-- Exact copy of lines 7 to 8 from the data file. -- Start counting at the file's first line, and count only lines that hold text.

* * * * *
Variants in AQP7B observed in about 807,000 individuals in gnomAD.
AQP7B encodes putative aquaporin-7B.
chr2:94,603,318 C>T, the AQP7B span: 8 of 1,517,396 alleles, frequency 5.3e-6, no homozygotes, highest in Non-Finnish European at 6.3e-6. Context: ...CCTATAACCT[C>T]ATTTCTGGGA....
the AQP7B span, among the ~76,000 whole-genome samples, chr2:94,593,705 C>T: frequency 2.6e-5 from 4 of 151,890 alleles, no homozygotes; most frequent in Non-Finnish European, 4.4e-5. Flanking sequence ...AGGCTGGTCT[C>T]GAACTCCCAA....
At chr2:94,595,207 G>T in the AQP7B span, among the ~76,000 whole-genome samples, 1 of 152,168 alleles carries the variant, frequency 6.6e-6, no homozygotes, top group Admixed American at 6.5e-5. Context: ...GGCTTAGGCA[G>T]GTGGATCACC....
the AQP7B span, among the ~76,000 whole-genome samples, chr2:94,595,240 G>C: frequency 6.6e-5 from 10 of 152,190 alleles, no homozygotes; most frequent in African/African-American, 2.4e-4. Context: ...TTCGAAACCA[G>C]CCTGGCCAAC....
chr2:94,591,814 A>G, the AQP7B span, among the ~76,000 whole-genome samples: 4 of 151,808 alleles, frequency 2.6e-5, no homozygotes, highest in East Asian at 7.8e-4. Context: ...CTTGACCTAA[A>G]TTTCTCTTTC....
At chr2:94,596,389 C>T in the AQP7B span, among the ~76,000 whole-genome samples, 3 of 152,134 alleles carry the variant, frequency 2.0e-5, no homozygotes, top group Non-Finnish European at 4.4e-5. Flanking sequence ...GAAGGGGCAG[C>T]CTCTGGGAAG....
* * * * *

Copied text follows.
chr2:94,591,814 A>G, the AQP7B span, among the ~76,000 whole-genome samples: 4 of 151,808 alleles, frequency 2.6e-5, no homozygotes, highest in East Asian at 7.8e-4. Context: ...CTTGACCTAA[A>G]TTTCTCTTTC....
At chr2:94,596,389 C>T in the AQP7B span, among the ~76,000 whole-genome samples, 3 of 152,134 alleles carry the variant, frequency 2.0e-5, no homozygotes, top group Non-Finnish European at 4.4e-5. Flanking sequence ...GAAGGGGCAG[C>T]CTCTGGGAAG....